The authors rightly describe 9/11 as an “atrocity” and say “STWC, like most people, condemned it”. But even those with short memories remember that the SWP specifically made it their badge of honour to refuse to condemn the attacks. At the first rowdy meeting at which STWC was set up, in Friends House, Euston, the SWP used heavy-handed steamrollering from the chair to quash repeated calls from the floor for a condemnation of 9/11. Only later did they start saying that “of course” they condemned 9/11.

The book misrepresents the attitude of those of us opposed to the war on Afghanistan (and later Iraq) who wanted to make clear our opposition to political Islam. The authors write: “At its first conference in October 2001, the Coalition had to rebuff efforts by ultra-left fragments to place a barrier between the anti-war movement and the Muslim community. This took the form of demands that the Coalition reject ‘Muslim fundamentalism’ equally with US imperialism. The content of this ill thought out position was to meet the war party half way… its effect would have been to alienate broad sections of Muslim opinion.”

Almost every word in this passage is false. Opposition to “fundamentalism” was not designed to placate the war party. Nor does the demand alienate ordinary Muslims, who are the principal victims of fundamentalism — it actually differentiates ordinary Muslims from the Islamists. The slogan “No to fundamentalism” indicated that opposition to the war did not mean support for the 9/11 attacks or the Taliban reactionaries. Such a demand was not “ultra-left” — in fact it was a view shared by many liberals. It was also the principal demand made by only Iraqi socialist organisation (the WCPI) active in Britain.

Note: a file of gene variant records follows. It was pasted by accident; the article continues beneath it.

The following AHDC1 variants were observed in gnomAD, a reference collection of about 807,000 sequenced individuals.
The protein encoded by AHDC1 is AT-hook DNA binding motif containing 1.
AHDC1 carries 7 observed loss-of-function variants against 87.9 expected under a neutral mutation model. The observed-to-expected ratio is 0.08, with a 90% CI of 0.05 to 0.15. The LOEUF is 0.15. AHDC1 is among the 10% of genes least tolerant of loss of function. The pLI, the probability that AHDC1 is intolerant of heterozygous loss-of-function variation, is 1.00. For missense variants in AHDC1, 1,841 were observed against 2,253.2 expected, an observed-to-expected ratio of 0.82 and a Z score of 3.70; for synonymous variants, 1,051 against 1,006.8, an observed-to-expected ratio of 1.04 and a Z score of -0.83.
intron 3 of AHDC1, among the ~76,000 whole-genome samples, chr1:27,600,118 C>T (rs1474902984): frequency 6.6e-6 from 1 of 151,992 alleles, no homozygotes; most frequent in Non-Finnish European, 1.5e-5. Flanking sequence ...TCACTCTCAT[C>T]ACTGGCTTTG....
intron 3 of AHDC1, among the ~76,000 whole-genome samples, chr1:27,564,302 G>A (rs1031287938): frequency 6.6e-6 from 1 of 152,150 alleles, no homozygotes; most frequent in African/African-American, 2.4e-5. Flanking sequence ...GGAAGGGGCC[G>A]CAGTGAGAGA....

In fact the leading members of the STWC are soft on political Islam. This is clear from a footnote in the book, which says: “Political Islam… has expressed, in however warped a fashion, some of the anti-imperialist demands which were once the preserve of Communist and nationalist movements of the region.”

Bizarrely, the authors argue that al-Qaida has a “secular agenda”. Murray positively extols the virtues of the meetings he was invited to where men and women were segregated. And the book claims that the only Islamists in Britain are small groups such as al-Muhajiroun and Hizb-ut Tahrir.

The reasoning is disingenuous, the hard information downright dishonest. It was taken a stage further in 2002, when the STWC formed an alliance with a sophisticated Islamist organisation, the Muslim Association of Britain (MAB). Murray and German’s explanation for the alliance is very matter-of-fact: MAB organised a big demonstration on Palestine in April 2002 and planned another in September. It clashed with the STWC demonstration, so the two agreed to merge.